As a youth, I grew up near a radar facility that looked like this one in Alaska, but the facility near where I lived was in the hills of northcentral Pennsylvania and it had long since been abandoned by the military. You could see the radar dome, or “golf ball,” as the locals called it, for miles around, even in the next county where I lived, and everybody and their grandmother had a theory that it was still in operation. Mostly the theories revolved around the Air Force using it for a radar facility for UFOs, hence the Men In Black. Occasionally, locals would say they also had seen black choppers hovering in the skies in the county where the facility was located.
After college, I got a job as a intern at a daily newspaper in my home county. I pitched the idea to my editor to visit the facility and see really what was going on there, if nothing else but to debunk the myths the locals had been perpetuating for years. After he agreed, for which I’m forever grateful because technically the facility was on the fringes of the paper’s coverage area, I contacted the Job Corps center, which was on the same property as the dome, to see who could tell me about it.
The folks there put me in contact with the National Weather Service, who still had a radar system in operation in the dome at the time. A National Weather Service meteorologist met me at the base of the “golf ball” and then gave me a tour of the building. The tour included showing me the “inner sanctum”, where there were rows and rows of outdated weather equipment, mostly unused, like this:
He told me the facility was used rarely nowadays, except for a backup when other facilities were having problems. When I told him about what some locals thought of the site, he said at one time the Air Force did have missile silos on the site in the 1960s during the Cold War. However, since then, he said the missiles had been removed and the silos filled in. The facility once also had housed a small contingent of soldiers but no longer did, he said.
After going to the site, during which I took photos to document the visit and include with the story, I went to a general store in the village at the bottom of the mountain where the “golf ball” was. I tried to talk to an employee at the store, maybe even the owner although I’ll never know since she refused to give me her name, saying:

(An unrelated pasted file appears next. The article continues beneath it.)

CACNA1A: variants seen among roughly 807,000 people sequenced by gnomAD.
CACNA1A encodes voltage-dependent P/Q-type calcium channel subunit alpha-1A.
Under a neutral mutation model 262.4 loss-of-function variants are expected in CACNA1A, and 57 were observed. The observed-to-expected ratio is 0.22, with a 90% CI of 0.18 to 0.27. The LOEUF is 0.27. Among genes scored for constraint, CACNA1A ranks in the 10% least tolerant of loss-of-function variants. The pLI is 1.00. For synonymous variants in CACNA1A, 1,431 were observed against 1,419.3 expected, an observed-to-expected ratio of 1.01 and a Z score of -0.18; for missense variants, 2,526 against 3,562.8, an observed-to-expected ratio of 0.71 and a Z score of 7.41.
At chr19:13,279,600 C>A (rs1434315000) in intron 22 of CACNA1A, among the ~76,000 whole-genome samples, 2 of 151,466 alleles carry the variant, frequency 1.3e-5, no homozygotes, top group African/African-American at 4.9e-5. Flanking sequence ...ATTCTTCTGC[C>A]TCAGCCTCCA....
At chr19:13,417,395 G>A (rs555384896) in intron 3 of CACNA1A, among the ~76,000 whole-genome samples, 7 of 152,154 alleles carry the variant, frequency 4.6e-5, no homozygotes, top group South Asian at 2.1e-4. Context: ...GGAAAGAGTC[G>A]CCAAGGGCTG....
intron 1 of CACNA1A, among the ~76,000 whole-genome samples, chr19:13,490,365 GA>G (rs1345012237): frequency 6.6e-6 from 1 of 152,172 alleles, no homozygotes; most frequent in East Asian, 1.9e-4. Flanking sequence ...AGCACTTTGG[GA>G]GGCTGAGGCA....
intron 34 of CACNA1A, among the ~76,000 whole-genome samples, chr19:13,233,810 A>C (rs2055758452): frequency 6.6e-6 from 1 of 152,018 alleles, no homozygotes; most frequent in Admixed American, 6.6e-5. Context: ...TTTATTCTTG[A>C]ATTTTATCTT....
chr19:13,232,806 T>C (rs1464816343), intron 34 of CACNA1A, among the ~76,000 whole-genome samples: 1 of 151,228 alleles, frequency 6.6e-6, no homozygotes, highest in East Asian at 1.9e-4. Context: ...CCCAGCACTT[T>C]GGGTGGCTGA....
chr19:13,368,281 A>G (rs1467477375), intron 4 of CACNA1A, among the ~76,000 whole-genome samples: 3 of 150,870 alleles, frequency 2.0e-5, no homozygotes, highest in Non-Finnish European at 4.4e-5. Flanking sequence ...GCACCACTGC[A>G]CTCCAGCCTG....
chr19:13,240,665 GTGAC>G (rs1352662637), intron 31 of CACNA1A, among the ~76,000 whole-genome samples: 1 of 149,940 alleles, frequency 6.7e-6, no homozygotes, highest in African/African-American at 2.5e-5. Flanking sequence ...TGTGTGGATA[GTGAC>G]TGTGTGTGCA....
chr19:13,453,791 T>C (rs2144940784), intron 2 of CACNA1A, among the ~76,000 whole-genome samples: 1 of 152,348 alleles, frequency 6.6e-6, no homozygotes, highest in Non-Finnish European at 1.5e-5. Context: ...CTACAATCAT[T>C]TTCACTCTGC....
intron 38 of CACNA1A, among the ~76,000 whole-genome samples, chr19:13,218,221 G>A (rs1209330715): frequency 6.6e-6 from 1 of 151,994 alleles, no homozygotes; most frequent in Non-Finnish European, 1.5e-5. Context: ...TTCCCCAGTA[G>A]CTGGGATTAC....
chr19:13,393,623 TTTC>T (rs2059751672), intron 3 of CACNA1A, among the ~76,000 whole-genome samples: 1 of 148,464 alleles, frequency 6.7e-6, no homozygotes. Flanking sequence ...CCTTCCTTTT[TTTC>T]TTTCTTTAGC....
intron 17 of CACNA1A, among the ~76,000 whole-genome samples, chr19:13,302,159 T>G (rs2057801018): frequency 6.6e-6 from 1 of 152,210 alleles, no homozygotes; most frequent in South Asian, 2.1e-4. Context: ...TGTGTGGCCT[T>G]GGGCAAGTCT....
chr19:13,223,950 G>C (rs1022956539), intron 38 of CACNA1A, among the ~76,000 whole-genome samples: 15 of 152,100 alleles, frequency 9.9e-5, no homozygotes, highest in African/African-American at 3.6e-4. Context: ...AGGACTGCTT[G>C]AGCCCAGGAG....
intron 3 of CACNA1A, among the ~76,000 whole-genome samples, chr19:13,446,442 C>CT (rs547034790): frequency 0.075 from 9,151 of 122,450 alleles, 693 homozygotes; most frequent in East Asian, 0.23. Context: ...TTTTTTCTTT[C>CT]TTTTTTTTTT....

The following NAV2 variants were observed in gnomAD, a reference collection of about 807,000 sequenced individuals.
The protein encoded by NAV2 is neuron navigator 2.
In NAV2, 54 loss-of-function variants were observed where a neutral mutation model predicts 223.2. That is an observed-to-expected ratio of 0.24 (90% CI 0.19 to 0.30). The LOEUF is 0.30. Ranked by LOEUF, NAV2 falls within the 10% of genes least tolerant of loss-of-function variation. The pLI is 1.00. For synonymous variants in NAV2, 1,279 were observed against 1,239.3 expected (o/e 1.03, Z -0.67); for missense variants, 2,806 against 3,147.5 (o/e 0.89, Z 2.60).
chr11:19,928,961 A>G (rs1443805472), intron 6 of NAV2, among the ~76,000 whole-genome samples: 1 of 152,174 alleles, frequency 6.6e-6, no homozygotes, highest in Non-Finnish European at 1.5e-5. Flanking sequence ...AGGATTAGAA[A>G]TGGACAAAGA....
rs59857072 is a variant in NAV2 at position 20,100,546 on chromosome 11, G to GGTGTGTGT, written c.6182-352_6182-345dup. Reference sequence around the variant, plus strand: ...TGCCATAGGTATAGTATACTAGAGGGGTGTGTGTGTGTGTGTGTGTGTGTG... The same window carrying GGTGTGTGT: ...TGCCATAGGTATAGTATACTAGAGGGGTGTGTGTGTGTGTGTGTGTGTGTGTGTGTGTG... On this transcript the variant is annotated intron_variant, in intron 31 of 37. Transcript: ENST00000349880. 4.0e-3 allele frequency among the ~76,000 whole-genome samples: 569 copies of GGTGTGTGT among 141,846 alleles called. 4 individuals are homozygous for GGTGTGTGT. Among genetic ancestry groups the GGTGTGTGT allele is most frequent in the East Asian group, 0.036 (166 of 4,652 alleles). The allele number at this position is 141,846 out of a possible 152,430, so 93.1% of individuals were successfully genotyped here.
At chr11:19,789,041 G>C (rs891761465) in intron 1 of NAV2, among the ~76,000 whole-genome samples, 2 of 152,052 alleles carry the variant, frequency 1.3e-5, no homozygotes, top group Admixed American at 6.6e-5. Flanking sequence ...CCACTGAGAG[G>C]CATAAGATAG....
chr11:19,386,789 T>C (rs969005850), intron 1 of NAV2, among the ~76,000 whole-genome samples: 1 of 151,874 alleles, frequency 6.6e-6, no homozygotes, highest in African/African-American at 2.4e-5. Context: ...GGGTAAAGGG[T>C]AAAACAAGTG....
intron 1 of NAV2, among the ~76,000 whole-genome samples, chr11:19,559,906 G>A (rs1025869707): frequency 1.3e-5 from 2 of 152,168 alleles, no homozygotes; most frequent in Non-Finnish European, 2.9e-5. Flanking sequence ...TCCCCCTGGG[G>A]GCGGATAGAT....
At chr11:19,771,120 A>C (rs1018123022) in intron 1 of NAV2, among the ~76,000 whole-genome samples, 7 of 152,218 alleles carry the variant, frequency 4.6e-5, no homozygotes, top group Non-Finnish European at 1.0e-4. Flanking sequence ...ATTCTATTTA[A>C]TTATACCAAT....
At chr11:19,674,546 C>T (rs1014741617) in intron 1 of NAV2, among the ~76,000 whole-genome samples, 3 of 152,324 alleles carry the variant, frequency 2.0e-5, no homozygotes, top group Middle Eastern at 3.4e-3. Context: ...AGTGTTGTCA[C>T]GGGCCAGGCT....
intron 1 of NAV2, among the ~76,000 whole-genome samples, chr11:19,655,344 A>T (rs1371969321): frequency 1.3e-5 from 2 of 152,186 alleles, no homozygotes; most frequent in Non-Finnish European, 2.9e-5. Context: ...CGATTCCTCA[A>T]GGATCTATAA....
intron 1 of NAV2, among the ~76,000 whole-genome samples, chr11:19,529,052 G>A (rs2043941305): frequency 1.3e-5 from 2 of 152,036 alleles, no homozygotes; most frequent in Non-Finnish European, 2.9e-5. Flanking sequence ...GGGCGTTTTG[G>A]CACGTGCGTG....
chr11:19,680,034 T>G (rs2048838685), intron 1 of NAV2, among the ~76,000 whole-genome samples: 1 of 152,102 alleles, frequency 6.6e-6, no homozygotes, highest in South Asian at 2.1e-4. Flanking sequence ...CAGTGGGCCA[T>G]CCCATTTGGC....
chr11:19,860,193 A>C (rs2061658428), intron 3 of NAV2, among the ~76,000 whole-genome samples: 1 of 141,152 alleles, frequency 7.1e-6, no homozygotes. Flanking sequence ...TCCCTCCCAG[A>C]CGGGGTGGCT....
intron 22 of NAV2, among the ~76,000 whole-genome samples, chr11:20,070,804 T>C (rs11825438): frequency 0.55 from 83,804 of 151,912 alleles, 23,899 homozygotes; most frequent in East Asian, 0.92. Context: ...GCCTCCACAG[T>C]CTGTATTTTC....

“For all I know, you could be working for THEM.”
Or something to that effect. (I since have received a similar response when, as a correspondent for another paper, I went to a Tea Party protest in the county where I live now and asked one of the protesters there with a sign for a quote. “How do I know you’re not one of THEM?” he asked.) The woman at the store also said she didn’t believe that the facility was no longer operational as a military installation, that
“The guv’rnment is still hiding something up there on that mountain that they don’t want us to know about.”
And then she spit a wad of chewing tobacco at my feet and shut the door on my face, or so I remember it in my mind’s eye.
No way could I not use that quote, so when I wrote up the story, I included it, as “said by a woman who asked not to be identified.” I don’t remember if I included the part about the chewing tobacco, probably not because where I grew up, chewing tobacco was as sacred as a cow was to an Indian. After all, you don’t spit into the wind, so to speak.
To this day, I consider that one of my favorite stories that I ever had the chance to write as a newspaper reporter.
Next post: Not a conspiracy theory related post, but one on a survey I received from the American Red Cross but my wife inexplicably didn’t. I’ll explain then what I mean by then. Stay tuned — and later this week, a post on, the subject of newspapers again, a new newspaper in our town that you have to see to believe. Also when leaving comments, please leave a link to your blog at the end of the comment. I’m working on getting a new comment system, but until then, feel free to leave a link to your blog or even your latest post.